Summary of sports events and persons who made news on Tuesday
Japanese swimmer Rikako Ikee, who won six titles at last year's Asian Games and was considered a strong medal contender for the 2020 Tokyo Olympics, said on Tuesday she had been diagnosed with leukaemia.
The 18-year-old was named Japanese Swimmer of the Year last month after her record-breaking exploits in the Jakarta pool.
"I was feeling ill and urgently came home from Australia, underwent testing and the diagnosis was leukaemia," Ikee wrote on Twitter.
"I can't believe it, it's a confusing situation. But with treatment this is a disease that can be cured."
The diagnosis will deprive the world junior 50 metre freestyle, 50m butterfly and 100m butterfly champion of the chance to race at the senior world championships in Gwangju, South Korea later this year.
Ikee, who swam the fastest time in the world in the 100m butterfly and second fastest in the 50m butterfly last year, said she would miss Japan's swimming trials to focus on treatment.
"I am going to take some time off and focus on treatment and as soon as possible I want to show an even stronger Rikako Ikee," she added.
Only North Korean shooter So Gin Man, who won seven golds and a silver at New Delhi in 1982, has won more titles at one Asian Games than Ikee.
Ikee, whose gold medal haul was the most for a female athlete at a single Asian Games, also picked up two relay silvers to match So's record tally of eight medals.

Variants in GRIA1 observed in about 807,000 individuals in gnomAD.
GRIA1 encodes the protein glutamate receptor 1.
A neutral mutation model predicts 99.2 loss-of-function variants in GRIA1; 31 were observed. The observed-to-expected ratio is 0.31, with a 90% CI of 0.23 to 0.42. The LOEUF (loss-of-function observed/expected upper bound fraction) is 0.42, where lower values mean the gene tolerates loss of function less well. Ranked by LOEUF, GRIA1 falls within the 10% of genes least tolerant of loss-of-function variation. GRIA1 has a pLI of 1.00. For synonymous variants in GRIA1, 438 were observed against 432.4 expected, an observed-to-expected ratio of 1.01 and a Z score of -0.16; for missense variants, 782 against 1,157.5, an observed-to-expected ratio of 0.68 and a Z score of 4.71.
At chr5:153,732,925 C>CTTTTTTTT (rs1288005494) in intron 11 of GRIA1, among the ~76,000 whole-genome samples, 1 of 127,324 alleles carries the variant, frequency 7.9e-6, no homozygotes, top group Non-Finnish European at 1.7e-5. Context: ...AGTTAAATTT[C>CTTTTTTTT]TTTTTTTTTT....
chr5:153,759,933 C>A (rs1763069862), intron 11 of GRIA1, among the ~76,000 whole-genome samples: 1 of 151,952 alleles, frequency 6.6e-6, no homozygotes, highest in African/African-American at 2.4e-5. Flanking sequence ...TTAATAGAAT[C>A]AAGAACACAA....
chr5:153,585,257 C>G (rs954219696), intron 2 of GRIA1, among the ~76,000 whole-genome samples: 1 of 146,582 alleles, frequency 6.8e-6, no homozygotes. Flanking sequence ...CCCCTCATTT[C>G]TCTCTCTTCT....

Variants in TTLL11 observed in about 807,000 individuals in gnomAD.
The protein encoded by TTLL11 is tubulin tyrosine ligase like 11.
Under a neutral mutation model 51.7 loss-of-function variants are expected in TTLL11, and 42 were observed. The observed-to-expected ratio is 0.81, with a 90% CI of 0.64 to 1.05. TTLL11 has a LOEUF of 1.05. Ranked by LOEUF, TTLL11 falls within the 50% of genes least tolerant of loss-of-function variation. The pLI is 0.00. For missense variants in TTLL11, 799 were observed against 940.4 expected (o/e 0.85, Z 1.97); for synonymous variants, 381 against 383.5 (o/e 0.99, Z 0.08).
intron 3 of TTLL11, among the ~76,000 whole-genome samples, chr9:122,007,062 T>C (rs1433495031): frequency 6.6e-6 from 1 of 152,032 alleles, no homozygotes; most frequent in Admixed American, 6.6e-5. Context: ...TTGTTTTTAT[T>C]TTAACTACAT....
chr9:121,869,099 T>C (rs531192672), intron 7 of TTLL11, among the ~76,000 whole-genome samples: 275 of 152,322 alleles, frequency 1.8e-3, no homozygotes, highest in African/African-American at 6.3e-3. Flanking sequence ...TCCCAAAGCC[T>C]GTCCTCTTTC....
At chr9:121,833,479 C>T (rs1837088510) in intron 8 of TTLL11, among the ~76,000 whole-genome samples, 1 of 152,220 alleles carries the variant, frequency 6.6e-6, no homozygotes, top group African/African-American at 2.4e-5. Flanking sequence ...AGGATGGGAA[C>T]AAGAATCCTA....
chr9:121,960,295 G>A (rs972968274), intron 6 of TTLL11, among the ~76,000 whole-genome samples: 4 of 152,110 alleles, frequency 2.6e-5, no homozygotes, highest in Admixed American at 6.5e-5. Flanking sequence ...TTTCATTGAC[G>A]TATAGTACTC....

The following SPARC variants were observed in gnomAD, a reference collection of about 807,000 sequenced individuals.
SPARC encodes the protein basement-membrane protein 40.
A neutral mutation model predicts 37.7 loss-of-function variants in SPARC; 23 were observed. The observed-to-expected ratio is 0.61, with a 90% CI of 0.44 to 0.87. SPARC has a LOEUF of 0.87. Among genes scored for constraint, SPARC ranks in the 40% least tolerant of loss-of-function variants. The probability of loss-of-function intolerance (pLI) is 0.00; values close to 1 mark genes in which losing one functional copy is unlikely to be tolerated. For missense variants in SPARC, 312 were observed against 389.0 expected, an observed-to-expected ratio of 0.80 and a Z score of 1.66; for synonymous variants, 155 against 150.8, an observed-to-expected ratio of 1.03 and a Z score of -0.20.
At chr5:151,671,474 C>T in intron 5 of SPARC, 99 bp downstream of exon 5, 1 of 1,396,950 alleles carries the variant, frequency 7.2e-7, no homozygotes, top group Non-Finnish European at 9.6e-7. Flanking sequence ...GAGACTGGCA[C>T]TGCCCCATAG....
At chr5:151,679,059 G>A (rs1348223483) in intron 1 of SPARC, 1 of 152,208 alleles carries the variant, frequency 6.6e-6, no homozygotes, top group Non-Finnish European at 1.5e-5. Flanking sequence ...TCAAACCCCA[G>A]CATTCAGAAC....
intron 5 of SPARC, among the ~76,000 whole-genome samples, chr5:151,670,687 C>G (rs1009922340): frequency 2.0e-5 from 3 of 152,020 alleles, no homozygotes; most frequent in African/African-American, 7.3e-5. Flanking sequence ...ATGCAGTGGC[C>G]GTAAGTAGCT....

Winning all six of her gold medals in record times in Jakarta propelled her onto the world stage and made her a major name in Japan.
Coming home sixth in the 100m butterfly at the Rio Games as a 16-year-old, Ikee had been expected to compete for medals at Tokyo 2020 but must now focus on getting healthy before thoughts turn to the summer showpiece in 528 days' time.
Canada's sport minister calls report on abuse in sport 'tragic'
Canada's Sport Minister Kirsty Duncan on Monday called the findings of a CBC report to abuse in amateur sports in the country "tragic and completely unacceptable."
Duncan's comments came a day after the first of a three-part investigative series was published on Sunday and reported at least 222 coaches who were involved in amateur sports in Canada have been convicted of sexual offences in the past 20 years.
"As a former athlete and coach, I know there are problems across the system," Duncan said in a statement. "We must not condone a sport culture that promotes winning at all costs. This has to change."
According to the CBC report, the offences involve more than 600 victims under the age of 18 and that the charged and convicted coaches were involved in 36 different sports.
The report also said the charges include offences such as sexual assault, sexual exploitation, child luring and making or possessing child pornography.
Duncan, who is also Canada's minister of science, will this week meet in Alberta with federal, provincial and territorial representative ahead of the 2019 Canada Winter Games, and said ending abuse and harassment in sport will be a top priority.
Last June, Duncan announced new measures for federally-funded national sport organizations and said financial support would be withdrawn if certain measures were not met.